You may be eligible to claim an accident deduction for the loss of your property if you suffer property damage during the tax year as a result of a sudden, unexpected, or unusual event. However, the deduction for victims is also available if you are a victim of vandalism. However, if you reserve part of your residence as a business or home office, you can deduct unreimbursed repair costs on Form 8829, which lists business expenses. In most cases, the cost of reasonable repairs is your starting point for the deduction, as it also represents the decrease in the fair market value of the home due to the victim.
For example, if a window in your home is already broken, you cannot claim the full cost of repairing that window, even if a hurricane makes it worse. When deducting unreimbursed repairs from a home office, you should identify the cost as a direct or indirect expense. If you qualify for this deduction, you can deduct 100% of the cost of repairs you do in your home office alone. Basically, a repair puts the house back in the same condition as it was before the accident caused damage.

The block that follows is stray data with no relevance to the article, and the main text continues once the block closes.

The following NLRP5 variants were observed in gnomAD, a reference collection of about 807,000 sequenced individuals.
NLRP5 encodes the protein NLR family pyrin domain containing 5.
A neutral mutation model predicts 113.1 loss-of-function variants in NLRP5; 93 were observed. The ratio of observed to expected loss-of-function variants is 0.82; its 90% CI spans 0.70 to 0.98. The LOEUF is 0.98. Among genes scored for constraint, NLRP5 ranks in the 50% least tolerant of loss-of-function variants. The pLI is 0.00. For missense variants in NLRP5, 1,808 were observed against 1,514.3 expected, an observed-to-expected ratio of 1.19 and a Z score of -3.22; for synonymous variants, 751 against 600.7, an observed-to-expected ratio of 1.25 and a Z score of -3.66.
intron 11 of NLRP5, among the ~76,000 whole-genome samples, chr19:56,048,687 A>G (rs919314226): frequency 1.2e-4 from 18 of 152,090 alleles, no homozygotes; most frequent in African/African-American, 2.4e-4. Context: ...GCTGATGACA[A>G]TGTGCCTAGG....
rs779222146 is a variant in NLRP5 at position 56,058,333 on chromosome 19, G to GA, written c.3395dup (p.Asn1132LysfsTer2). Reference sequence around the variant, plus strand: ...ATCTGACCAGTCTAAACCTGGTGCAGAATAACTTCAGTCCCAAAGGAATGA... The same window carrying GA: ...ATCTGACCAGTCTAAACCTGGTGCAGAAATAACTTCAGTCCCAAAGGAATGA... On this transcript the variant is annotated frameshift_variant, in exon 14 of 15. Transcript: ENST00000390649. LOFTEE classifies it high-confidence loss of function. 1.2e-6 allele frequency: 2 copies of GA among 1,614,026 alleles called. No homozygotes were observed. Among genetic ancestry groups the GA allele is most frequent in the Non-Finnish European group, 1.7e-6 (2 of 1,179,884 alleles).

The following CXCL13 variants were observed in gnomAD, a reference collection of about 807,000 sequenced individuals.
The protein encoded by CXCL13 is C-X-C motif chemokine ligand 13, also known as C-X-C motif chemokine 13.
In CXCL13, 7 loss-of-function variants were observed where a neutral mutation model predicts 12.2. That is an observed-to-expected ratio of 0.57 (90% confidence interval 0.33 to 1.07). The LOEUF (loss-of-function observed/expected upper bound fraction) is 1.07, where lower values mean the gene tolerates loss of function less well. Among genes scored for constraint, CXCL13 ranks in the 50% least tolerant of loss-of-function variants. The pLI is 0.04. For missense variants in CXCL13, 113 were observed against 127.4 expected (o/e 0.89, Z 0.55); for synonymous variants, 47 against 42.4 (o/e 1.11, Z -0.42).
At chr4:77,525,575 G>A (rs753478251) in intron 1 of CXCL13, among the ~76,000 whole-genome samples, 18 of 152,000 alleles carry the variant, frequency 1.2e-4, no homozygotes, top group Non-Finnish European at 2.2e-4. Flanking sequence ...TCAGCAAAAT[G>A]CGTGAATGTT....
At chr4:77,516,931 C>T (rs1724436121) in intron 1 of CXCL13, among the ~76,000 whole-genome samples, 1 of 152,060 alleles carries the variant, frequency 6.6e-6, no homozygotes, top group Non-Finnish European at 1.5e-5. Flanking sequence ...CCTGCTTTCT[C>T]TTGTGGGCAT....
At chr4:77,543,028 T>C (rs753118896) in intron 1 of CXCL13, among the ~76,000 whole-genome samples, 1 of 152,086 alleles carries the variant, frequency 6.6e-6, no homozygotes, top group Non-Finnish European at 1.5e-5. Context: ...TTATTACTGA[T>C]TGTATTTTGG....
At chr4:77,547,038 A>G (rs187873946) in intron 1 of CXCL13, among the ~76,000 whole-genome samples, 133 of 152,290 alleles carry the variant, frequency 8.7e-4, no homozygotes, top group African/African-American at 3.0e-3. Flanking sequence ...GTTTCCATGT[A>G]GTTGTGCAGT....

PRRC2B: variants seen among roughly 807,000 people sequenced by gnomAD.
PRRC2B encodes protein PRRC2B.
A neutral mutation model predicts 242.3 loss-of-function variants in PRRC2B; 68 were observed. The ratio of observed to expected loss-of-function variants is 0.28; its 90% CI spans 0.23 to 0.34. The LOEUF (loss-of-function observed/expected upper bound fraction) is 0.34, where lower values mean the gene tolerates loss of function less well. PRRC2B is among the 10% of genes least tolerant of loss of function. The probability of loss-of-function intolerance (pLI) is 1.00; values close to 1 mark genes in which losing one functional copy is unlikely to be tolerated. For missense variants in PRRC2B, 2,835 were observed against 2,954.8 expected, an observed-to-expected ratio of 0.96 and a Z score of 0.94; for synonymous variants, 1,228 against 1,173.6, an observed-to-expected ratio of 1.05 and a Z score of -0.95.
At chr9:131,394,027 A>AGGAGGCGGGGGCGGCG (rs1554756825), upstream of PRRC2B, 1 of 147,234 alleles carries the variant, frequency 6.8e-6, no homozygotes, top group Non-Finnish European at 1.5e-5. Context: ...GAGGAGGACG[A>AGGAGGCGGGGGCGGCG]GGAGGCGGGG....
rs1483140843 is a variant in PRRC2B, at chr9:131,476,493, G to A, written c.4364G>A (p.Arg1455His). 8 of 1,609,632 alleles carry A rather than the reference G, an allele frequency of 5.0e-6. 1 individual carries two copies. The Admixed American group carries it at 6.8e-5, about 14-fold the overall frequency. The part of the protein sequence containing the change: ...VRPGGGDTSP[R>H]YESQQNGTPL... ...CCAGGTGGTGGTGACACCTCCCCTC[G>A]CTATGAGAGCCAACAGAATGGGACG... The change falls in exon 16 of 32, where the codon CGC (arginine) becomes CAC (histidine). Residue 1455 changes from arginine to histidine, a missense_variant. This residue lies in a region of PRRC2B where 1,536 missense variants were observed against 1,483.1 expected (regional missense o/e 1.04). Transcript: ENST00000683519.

However, if you haven't done the repairs yet or have not restored your home to its previous condition, you can measure the loss as the decline in fair market value due to the event. You should multiply the cost of repair by the portion of the house you are using for business or office.